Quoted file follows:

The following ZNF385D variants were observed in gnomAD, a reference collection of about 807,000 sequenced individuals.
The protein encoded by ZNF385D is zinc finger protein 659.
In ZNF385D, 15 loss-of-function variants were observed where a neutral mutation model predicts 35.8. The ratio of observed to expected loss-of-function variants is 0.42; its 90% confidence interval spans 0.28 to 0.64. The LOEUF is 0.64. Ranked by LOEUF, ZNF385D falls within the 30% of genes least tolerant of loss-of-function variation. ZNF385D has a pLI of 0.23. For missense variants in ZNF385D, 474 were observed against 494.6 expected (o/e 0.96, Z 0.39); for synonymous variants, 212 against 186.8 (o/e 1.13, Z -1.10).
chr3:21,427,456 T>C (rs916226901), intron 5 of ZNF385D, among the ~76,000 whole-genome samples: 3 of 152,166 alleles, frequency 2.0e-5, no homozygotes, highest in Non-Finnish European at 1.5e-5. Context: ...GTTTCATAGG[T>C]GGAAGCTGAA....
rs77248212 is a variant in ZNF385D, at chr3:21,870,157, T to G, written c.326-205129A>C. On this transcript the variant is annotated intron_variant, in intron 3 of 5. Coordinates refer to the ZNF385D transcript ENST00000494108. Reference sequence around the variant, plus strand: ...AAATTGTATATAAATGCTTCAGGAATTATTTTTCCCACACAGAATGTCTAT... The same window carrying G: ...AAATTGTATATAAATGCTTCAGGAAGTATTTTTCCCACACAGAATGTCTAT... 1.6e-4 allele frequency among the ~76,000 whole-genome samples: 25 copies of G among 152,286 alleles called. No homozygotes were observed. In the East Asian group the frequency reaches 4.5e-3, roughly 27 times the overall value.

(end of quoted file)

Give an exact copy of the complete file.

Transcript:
The following ZNF385D variants were observed in gnomAD, a reference collection of about 807,000 sequenced individuals.
The protein encoded by ZNF385D is zinc finger protein 659.
In ZNF385D, 15 loss-of-function variants were observed where a neutral mutation model predicts 35.8. The ratio of observed to expected loss-of-function variants is 0.42; its 90% confidence interval spans 0.28 to 0.64. The LOEUF is 0.64. Ranked by LOEUF, ZNF385D falls within the 30% of genes least tolerant of loss-of-function variation. ZNF385D has a pLI of 0.23. For missense variants in ZNF385D, 474 were observed against 494.6 expected (o/e 0.96, Z 0.39); for synonymous variants, 212 against 186.8 (o/e 1.13, Z -1.10).
chr3:21,427,456 T>C (rs916226901), intron 5 of ZNF385D, among the ~76,000 whole-genome samples: 3 of 152,166 alleles, frequency 2.0e-5, no homozygotes, highest in Non-Finnish European at 1.5e-5. Context: ...GTTTCATAGG[T>C]GGAAGCTGAA....
rs77248212 is a variant in ZNF385D, at chr3:21,870,157, T to G, written c.326-205129A>C. On this transcript the variant is annotated intron_variant, in intron 3 of 5. Coordinates refer to the ZNF385D transcript ENST00000494108. Reference sequence around the variant, plus strand: ...AAATTGTATATAAATGCTTCAGGAATTATTTTTCCCACACAGAATGTCTAT... The same window carrying G: ...AAATTGTATATAAATGCTTCAGGAAGTATTTTTCCCACACAGAATGTCTAT... 1.6e-4 allele frequency among the ~76,000 whole-genome samples: 25 copies of G among 152,286 alleles called. No homozygotes were observed. In the East Asian group the frequency reaches 4.5e-3, roughly 27 times the overall value.